Interpretation must depend on the text and the context. They are the bases of interpretation. One may well say if the text is the texture, - context is what gives the colour. Neither can be ignored. Both are important. The interpretation is best which makes the textual interpretation match the contextual. A statute is best interpreted when we know why it was enacted. With this knowledge, the statute must be read, first as a whole and then section by section, clause by clause, phrase by phrase and word by word. If a statute is looked at, in the context of its enactment, with the glasses of the statute-maker, provided by such context, its scheme, the sections, clauses, phrases and words may take colour and appear different than when the statute is looked at without the glasses provided by the context. With these glasses we must look at the Act as a whole and discover what each section, each clause, each phrase and each word is meant and designed to say as to fit into the scheme of the entire Act. No part of a statute and no word of a statute can be construed in isolation. Statutes have to be construed so that every word has a place and everything is in its place.
Keeping the said principle in view, we are required to appreciate what precisely the words "if confirmed" contextually convey. Regard being had to the tenor of the Rules, the words "if confirmed", read in proper context, confer a status on the appointee which consequently entitles him to continue on the post till the age of 55 years, unless he is otherwise removed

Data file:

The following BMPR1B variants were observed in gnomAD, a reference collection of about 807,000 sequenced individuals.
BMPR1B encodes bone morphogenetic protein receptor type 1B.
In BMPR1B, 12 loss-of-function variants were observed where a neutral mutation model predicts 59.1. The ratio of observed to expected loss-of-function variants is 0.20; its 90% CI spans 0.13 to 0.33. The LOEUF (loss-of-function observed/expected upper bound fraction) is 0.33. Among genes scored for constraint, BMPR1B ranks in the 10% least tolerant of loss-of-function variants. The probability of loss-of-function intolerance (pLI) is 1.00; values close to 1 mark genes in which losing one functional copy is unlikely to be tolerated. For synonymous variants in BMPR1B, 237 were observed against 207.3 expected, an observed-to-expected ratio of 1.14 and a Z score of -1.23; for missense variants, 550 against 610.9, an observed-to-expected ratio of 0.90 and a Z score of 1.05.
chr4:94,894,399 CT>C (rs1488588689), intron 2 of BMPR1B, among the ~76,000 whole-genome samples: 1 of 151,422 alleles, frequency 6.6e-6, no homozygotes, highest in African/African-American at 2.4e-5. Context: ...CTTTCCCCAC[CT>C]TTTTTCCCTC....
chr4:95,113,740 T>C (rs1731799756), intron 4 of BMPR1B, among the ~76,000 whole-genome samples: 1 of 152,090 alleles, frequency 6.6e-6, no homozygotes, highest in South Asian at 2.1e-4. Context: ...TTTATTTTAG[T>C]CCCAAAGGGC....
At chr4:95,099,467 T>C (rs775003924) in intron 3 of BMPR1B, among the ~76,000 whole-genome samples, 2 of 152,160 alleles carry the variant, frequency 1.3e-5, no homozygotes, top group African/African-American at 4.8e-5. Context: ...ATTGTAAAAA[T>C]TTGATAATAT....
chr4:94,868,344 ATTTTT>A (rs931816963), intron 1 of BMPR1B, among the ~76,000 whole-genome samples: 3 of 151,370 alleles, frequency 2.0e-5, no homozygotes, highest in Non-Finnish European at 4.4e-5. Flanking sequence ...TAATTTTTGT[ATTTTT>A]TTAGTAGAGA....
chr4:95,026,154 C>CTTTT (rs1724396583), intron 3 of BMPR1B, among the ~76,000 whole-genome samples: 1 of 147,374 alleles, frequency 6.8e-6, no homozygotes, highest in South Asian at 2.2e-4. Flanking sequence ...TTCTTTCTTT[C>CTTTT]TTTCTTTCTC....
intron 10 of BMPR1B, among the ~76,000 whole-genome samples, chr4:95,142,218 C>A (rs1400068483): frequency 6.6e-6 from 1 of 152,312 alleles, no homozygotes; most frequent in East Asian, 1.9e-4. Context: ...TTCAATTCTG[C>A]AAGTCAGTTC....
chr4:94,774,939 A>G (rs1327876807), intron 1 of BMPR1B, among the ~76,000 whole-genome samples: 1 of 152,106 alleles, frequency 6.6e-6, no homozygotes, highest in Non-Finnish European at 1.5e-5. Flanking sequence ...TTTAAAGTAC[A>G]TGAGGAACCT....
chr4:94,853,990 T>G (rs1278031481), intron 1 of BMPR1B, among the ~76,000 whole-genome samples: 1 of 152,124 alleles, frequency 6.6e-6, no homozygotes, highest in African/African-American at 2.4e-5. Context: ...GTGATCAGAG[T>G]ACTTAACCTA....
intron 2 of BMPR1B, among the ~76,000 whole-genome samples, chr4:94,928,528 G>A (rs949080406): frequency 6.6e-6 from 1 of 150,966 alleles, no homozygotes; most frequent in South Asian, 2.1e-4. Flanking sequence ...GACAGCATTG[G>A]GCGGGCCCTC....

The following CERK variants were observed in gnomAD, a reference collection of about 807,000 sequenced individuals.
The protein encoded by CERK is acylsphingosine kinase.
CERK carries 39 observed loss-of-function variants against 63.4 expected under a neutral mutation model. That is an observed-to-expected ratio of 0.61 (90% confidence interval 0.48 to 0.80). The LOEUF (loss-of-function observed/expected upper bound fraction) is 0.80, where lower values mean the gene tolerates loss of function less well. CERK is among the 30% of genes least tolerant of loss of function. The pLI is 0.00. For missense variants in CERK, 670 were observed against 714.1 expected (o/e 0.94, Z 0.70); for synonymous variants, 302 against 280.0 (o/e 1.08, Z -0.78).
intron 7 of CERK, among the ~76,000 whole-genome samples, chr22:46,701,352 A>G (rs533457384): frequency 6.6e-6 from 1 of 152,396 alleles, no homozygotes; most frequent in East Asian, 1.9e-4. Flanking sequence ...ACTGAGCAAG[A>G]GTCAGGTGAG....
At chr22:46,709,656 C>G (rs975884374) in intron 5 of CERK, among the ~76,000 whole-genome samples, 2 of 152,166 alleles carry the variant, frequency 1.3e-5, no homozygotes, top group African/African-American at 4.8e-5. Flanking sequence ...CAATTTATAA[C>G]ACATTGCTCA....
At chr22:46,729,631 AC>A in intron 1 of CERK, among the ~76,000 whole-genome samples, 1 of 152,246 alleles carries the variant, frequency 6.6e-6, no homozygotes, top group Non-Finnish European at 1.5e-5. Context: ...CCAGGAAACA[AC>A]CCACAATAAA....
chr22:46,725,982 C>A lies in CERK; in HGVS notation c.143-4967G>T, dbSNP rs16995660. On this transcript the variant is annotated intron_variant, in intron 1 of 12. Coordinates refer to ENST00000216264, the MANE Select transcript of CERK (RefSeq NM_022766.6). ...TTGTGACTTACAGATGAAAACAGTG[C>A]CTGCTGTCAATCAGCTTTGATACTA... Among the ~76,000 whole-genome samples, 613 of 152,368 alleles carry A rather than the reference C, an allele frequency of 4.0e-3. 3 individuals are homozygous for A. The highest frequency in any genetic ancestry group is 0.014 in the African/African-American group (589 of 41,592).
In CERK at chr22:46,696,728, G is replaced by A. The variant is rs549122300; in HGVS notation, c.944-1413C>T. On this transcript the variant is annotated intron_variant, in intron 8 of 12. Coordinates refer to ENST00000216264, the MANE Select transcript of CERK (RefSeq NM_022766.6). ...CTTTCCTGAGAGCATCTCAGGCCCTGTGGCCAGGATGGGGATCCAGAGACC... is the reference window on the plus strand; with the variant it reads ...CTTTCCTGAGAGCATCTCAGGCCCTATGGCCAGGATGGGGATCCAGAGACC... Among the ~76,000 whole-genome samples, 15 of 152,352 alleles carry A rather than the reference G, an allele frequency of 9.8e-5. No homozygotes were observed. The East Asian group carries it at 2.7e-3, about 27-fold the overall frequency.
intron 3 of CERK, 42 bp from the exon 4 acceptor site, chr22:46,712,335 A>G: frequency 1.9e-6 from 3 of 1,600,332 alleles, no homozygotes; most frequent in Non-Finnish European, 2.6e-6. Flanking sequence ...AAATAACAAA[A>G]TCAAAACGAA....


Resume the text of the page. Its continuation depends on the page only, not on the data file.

from service as per the Rules.
21. It is worth noting that the use of the word "if" has its own significance. In this regard, we may usefully refer to the decision in S.N. Sharma v. Bipen Kumar Tiwari and Ors. MANU/SC/0182/1970 : (1970) 1 SCC 653. In the said case, a three-Judge Bench was interpreting the words "if he thinks fit" as provided under Section 159 of the Code of Criminal Procedure, 1898. It related to the exercise of power by the Magistrate. In that context, the Bench observed thus: -
The use of this expression makes it clear that Section 159 is primarily meant to give to the Magistrate the power of directing an investigation in cases where the police decide not to investigate the case under the proviso to Section 157(1), and it is in those cases that, if he thinks fit, he can choose the second alternative. If the expression "if he thinks fit" had not been used, it might have been argued that this section was intended to give in wide terms the power to the Magistrate to adopt any of the two courses of either directing an investigation, or of proceeding himself or deputing any Magistrate subordinate to him to proceed to hold a preliminary enquiry as the circumstances of the case may require.